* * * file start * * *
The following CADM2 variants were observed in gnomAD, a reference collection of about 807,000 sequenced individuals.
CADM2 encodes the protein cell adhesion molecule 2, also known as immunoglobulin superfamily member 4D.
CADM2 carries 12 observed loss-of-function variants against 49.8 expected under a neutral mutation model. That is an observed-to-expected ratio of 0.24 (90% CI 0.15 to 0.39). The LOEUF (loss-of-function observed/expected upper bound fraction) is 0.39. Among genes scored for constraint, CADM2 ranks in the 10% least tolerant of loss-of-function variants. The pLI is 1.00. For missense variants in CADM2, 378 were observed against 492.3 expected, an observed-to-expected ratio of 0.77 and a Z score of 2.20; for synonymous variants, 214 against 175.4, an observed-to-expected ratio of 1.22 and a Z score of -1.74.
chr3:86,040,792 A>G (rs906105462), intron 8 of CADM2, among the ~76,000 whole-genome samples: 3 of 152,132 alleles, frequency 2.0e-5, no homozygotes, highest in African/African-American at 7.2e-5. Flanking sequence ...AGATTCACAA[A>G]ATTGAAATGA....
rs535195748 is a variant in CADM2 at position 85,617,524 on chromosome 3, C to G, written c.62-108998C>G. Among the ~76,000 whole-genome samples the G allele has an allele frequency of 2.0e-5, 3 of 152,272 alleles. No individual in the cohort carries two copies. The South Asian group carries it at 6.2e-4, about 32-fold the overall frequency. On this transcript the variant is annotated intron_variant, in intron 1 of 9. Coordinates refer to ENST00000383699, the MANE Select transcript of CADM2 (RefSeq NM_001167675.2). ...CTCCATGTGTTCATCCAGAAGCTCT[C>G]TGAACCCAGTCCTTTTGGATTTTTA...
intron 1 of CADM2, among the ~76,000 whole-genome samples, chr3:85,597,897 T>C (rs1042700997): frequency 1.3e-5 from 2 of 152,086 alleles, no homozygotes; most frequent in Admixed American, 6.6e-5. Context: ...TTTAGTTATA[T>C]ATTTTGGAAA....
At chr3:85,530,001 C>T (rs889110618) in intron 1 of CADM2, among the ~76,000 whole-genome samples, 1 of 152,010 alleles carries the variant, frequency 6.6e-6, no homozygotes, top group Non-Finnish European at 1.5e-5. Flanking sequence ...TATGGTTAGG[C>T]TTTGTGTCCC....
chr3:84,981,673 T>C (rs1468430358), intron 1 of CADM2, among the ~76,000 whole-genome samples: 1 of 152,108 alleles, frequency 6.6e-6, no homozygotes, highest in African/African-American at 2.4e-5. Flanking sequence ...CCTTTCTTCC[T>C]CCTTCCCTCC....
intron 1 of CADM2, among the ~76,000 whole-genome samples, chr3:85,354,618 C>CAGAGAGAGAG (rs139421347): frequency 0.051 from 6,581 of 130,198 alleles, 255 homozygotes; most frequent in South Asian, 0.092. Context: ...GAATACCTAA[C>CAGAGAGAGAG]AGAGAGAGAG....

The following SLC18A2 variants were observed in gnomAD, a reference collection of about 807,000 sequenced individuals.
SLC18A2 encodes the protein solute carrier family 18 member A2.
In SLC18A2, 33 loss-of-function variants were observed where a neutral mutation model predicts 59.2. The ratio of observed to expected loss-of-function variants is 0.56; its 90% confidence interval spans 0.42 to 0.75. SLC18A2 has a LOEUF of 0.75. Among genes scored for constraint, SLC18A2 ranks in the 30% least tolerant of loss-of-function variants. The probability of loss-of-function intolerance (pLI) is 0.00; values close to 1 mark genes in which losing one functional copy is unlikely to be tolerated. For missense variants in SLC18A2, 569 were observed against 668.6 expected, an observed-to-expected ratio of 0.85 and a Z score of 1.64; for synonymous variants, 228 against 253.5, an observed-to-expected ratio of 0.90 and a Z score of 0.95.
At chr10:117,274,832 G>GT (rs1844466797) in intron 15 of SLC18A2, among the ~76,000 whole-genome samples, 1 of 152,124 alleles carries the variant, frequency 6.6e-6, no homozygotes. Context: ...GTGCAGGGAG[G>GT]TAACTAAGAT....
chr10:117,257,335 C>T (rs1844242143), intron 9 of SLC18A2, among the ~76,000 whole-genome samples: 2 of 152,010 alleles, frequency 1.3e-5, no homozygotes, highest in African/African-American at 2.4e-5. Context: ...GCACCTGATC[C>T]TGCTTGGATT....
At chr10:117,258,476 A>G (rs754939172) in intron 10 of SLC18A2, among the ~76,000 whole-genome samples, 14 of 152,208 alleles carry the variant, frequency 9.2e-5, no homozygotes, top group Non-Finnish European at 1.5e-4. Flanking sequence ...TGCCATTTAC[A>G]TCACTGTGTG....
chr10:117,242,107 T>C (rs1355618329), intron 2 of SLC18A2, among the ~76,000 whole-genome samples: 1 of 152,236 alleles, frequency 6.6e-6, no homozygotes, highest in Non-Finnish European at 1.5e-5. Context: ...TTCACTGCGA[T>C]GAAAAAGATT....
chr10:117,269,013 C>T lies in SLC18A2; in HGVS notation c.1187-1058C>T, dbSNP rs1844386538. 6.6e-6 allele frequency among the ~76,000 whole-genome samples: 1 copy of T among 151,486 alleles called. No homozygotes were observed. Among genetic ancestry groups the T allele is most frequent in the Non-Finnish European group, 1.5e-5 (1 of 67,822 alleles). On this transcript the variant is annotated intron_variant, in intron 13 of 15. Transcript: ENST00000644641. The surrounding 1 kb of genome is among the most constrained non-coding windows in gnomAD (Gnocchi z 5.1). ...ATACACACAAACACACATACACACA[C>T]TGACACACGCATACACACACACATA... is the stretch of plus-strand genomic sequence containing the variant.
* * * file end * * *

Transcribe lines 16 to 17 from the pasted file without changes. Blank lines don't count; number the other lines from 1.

chr10:117,242,107 T>C (rs1355618329), intron 2 of SLC18A2, among the ~76,000 whole-genome samples: 1 of 152,236 alleles, frequency 6.6e-6, no homozygotes, highest in Non-Finnish European at 1.5e-5. Context: ...TTCACTGCGA[T>C]GAAAAAGATT....
chr10:117,269,013 C>T lies in SLC18A2; in HGVS notation c.1187-1058C>T, dbSNP rs1844386538. 6.6e-6 allele frequency among the ~76,000 whole-genome samples: 1 copy of T among 151,486 alleles called. No homozygotes were observed. Among genetic ancestry groups the T allele is most frequent in the Non-Finnish European group, 1.5e-5 (1 of 67,822 alleles). On this transcript the variant is annotated intron_variant, in intron 13 of 15. Transcript: ENST00000644641. The surrounding 1 kb of genome is among the most constrained non-coding windows in gnomAD (Gnocchi z 5.1). ...ATACACACAAACACACATACACACA[C>T]TGACACACGCATACACACACACATA... is the stretch of plus-strand genomic sequence containing the variant.